The Five Term Life Insurance Mistakes You Should Avoid



You know Dave Ramsey detests cash value life insurance and never advises it, whether you’ve followed him for a day or ten years. Dave will always advise you to purchase term life insurance above any other type of life insurance that is available.

Yet, there are still several things you should be careful not to do, even when looking for the correct form of life insurance. When purchasing term life insurance, these are the top five mistakes consumers make:


First Mistake: Not Purchasing Enough Coverage to Replace Your Income

A good rule of thumb is to always purchase life insurance coverage equal to 10–12 times your annual income. Seriously. The minor policy that you can obtain through your place of employment? It might only provide coverage for a single year, but that won’t do.

If you’re your family’s primary source of income, they depend on you to take care of the necessities like food, shelter, and everything in between. The last thing you’d want if something happened to you is for them to struggle to make ends meet.

Your loved ones won’t be compelled to make significant changes (like selling the house to make ends meet) if you have the correct life insurance policy, and they can continue living until they decide what to do next.


Dave advises investing the life insurance payout in a retirement plan so that your loved ones can receive the much-needed financial security by earning a rate of return that will replace your lost income.

Remember to get coverage for both spouses. Term life insurance is necessary for stay-at-home parents. Estimate the annual cost of their labor to determine how much coverage they require (childcare, education, household duties, etc.). Multiply the sum by 10 to 12.


Mistake #2: Delaying Coverage for Too Long

If you wait too long to purchase life insurance, you expose your family to financial risk. Also, the cost of term life insurance typically rises as you age, so purchasing ahead of time can save you money. After all, your risk of developing health problems increases as you age. As a result, your life insurance premiums will go up, and you might not even be able to buy a policy.

No matter what Baby Step you are on, you must obtain term life insurance. You’ll be well on your way to becoming self-insured once you’ve paid off your debt and amassed your funds.


Mistake #3: Purchasing a Keyword That Is Too Short

We’re all about economizing on expenses. Also, you might be attempting to cut costs by selecting insurance with a shorter term. But what if you purchase a 10-year policy and later experience medical problems that increase the price of your subsequent plan or, worse yet, prevent you from obtaining coverage at all? At that point, saving money up front will ultimately cost you more in the long term.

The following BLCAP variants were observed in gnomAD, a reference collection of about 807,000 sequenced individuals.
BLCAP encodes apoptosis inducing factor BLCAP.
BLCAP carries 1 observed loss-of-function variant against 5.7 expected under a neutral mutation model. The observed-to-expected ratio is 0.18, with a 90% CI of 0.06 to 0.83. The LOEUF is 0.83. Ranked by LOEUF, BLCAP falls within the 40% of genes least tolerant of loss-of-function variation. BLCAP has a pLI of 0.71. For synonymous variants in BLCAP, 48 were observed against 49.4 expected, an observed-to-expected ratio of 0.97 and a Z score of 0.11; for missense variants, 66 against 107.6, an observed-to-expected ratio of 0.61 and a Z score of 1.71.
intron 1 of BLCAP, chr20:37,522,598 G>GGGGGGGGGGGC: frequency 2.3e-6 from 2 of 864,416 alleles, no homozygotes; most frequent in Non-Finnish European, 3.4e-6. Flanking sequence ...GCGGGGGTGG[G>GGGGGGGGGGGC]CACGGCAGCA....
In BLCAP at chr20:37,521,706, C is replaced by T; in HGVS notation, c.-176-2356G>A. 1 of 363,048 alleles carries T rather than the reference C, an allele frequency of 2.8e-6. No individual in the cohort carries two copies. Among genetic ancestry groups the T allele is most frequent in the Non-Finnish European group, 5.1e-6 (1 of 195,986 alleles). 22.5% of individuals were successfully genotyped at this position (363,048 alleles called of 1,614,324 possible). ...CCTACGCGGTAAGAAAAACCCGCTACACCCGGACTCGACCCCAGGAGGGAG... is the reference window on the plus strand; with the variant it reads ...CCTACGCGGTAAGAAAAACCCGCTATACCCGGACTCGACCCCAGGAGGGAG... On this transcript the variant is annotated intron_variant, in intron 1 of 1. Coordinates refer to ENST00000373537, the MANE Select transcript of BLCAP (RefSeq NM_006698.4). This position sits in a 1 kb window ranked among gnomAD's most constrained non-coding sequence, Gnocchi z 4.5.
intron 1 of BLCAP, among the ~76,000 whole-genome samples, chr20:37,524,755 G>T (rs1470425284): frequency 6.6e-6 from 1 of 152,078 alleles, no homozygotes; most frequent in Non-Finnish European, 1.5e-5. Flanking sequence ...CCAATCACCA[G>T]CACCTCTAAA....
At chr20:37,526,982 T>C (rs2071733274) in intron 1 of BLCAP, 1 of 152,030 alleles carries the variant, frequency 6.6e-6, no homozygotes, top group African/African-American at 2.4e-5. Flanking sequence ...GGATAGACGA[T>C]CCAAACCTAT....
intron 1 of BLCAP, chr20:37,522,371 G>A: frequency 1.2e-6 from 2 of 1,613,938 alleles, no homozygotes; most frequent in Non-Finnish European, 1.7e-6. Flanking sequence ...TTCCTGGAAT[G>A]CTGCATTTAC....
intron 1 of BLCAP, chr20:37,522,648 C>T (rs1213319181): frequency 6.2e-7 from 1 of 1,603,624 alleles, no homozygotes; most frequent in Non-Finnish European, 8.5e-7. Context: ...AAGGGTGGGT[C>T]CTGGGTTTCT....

According to Dave’s general rule of thumb, the policy’s duration should be based on the date your children will be leaving for college and independent life. A 30-year plan can make sense for you if you’re in your 20s and intend to start a family in the upcoming years. A 15- or 20-year plan would be preferable if you already have a few children and don’t anticipate having any more.


Mistake #4: Purchasing Too Many Riders

Some customers succumb to sales pitches for policy-riders, which raise their premium and give their brokers more fee. Don’t be one of them folks! You get virtually little value from these riders.

Income replacement, premium waivers, serious illness, and accidental death are common riders. They are made to trigger our emotions, so we purchase them out of fear. Don’t you want to know that your family will be taken care of if you pass away in an accident? Guess what? Your term life insurance policy provides you with all the protection you require, regardless of your method of death (almost; there are a few extremely rare exceptions). The bottom line: The disadvantages of such riders vastly exceed the advantages.

If there is one circumstance in which this rider rule does not apply, it concerns your children. Consider acquiring a rider to insure your children if your emergency fund isn’t quite there yet (David did it for years). If the unthinkable occurs, it will let you to pay for funeral expenditures.

You can include this kind of rider on your term life insurance policy. It enables you to insure all of your children, giving you peace of mind as you accumulate savings. Be free to remove the child rider and keep the savings once you’ve built up a sufficient emergency fund to cover three to six months’ worth of living expenses.


Mistake #5: Neglecting to Evaluate Your Life Insurance Policy

Advice: To make sure you have what you need for your present situation, it’s always a good idea to examine your term life insurance policy. Your coverage may have been satisfactory ten years ago, but that doesn’t mean it’s still effective today. (And the same holds true for the remaining portions of your insurance.)

To cover your evolving demands, be sure you have enough term life insurance. Perhaps you had a child, purchased a new house, received a promotion at work, gave up smoking, or made other improvements to your health. Most people could probably answer “yes” to at least one of those from the previous year. These momentous occasions might either help you save money or necessitate more coverage. You don’t want to pass up the opportunity to take care of either one.


Life Insurance Should Not Be Postponed

The appropriate kind of life insurance can make all the difference in a sound financial strategy. Delaying the purchase of term life insurance will only ensure that your family experiences financial hardship in the future.


Leave a Comment

This site uses Akismet to reduce spam. Learn how your comment data is processed.